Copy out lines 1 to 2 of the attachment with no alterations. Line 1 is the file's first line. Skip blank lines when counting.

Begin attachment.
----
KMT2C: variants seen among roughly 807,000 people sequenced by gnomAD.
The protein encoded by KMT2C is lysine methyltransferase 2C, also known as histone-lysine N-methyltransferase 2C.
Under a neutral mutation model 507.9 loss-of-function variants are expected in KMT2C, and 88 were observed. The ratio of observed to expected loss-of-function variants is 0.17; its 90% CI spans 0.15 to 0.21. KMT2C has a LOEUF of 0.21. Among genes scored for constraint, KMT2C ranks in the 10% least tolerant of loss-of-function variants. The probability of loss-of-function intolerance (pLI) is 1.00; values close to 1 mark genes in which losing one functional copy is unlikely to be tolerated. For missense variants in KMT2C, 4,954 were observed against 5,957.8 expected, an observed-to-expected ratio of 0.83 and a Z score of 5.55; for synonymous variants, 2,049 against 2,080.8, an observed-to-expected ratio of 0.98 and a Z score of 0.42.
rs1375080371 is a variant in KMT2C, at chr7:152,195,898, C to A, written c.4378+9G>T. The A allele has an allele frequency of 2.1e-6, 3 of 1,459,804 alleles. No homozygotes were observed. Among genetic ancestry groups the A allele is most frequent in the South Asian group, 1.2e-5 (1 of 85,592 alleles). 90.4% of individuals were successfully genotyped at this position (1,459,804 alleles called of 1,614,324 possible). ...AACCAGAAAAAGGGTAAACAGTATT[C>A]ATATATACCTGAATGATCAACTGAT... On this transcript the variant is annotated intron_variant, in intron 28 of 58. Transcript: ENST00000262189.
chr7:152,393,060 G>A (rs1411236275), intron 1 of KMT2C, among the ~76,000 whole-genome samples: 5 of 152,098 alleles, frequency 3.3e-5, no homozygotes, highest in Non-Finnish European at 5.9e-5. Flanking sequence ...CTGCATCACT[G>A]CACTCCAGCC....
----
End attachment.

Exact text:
KMT2C: variants seen among roughly 807,000 people sequenced by gnomAD.
The protein encoded by KMT2C is lysine methyltransferase 2C, also known as histone-lysine N-methyltransferase 2C.